The author knows her meticulous process is time-consuming, but she also knows it helps her distill her narrative — and that the trade-off is worth it. “I am constantly thinking about, after all this research, what is emotionally true,” Lee said, adding, “I just figure I am not going to write as many books as other people. If I write five before I die, I am psyched.”
For the final book in her diaspora trilogy, “American Hagwon” — hagwons are for-profit South Korean education centers where students receive supplemental instruction in a range of subjects and also cram for exams — her groundwork has been unfolding on trips to Los Angeles, London, Australia, New Zealand, and the Philippines in recent years, and is driven by her desire to understand what Koreans, both in Korea and beyond, value most. The author suspected she already knew the answer, and her research confirmed it. “Education means a lot and many things to different people but it’s always important,” said Lee. “I’ve never met a Korean who has neutral feelings about education, anywhere. And I’ve met Koreans everywhere.”
That singular focus, she suggests, is rooted in Confucianism and its embrace of a system that enables those from lower classes to rise by passing certain tests. “It’s not an accident that you have East Asian countries with such a focus on testing,” said Lee. “Because testing will take you out of your poverty, or middle class, or obscurity.”
Her research has involved interviews with students, parents, teachers, tutors, and admissions officers, and visits to colleges and hagwons. At times disconcerting, at times inspiring, Lee said her recent findings have reminded her how complex people are, and of the importance of considering other points of view.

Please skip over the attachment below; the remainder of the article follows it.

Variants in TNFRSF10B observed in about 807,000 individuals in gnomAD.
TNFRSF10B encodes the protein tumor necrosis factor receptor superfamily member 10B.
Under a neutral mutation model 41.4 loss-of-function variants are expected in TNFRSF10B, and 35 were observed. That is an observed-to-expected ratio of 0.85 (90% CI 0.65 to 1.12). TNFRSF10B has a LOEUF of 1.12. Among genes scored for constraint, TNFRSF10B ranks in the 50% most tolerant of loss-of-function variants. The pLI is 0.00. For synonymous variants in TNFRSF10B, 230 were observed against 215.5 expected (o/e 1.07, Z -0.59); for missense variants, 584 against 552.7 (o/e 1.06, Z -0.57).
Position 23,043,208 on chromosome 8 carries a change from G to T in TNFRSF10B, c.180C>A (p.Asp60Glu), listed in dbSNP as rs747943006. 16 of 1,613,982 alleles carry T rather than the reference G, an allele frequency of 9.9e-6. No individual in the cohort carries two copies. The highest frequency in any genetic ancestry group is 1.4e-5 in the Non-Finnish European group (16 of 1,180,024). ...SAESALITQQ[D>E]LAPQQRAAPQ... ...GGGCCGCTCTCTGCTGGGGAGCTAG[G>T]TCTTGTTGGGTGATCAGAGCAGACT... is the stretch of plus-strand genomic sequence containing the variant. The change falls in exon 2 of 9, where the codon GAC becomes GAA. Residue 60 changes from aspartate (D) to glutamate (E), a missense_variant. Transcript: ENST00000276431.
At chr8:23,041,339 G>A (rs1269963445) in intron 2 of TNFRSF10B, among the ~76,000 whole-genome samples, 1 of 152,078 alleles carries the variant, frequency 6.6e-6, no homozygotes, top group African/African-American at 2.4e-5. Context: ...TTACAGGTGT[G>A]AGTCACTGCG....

“Doing this kind of work as I write and rewrite a work of fiction humbles me,” Lee told a Radcliffe crowd during a recent talk. “It teaches me to listen more. Reality corrects my preconceptions, and my eyes and my ears experience what my characters may ultimately feel.”
In her office, Lee said her work always begins with an argument or hypothesis. The argument of “Pachinko” appears in the book’s searing first line: “History has failed us, but no matter.”
“I am arguing that history has failed almost everybody,” Lee told her listeners earlier this month, explaining that history typically belongs only to the privileged few who can afford to leave records or archives behind. That’s a “loss for everybody,” she said.
The author insisted her book’s opening argument makes the case for those too often forgotten. “I am saying that even though the important people don’t care about us, we still persist. We still try to fight for our lives and our lives matter intensely,” said Lee.
The underlying argument of “Pachinko” is also in keeping with Lee’s broader effort to dispel negative stereotypes, distortions, and misrepresentations of her “community of origin” and “diasporic community,” and to point people toward a broader, more inclusive idea of humanity.
“I sort of joke that my agenda in life is to make all of you Korean,” Lee told the Radcliffe crowd, “because I think if I could make all of you Korean, you would see that all of us are connected.”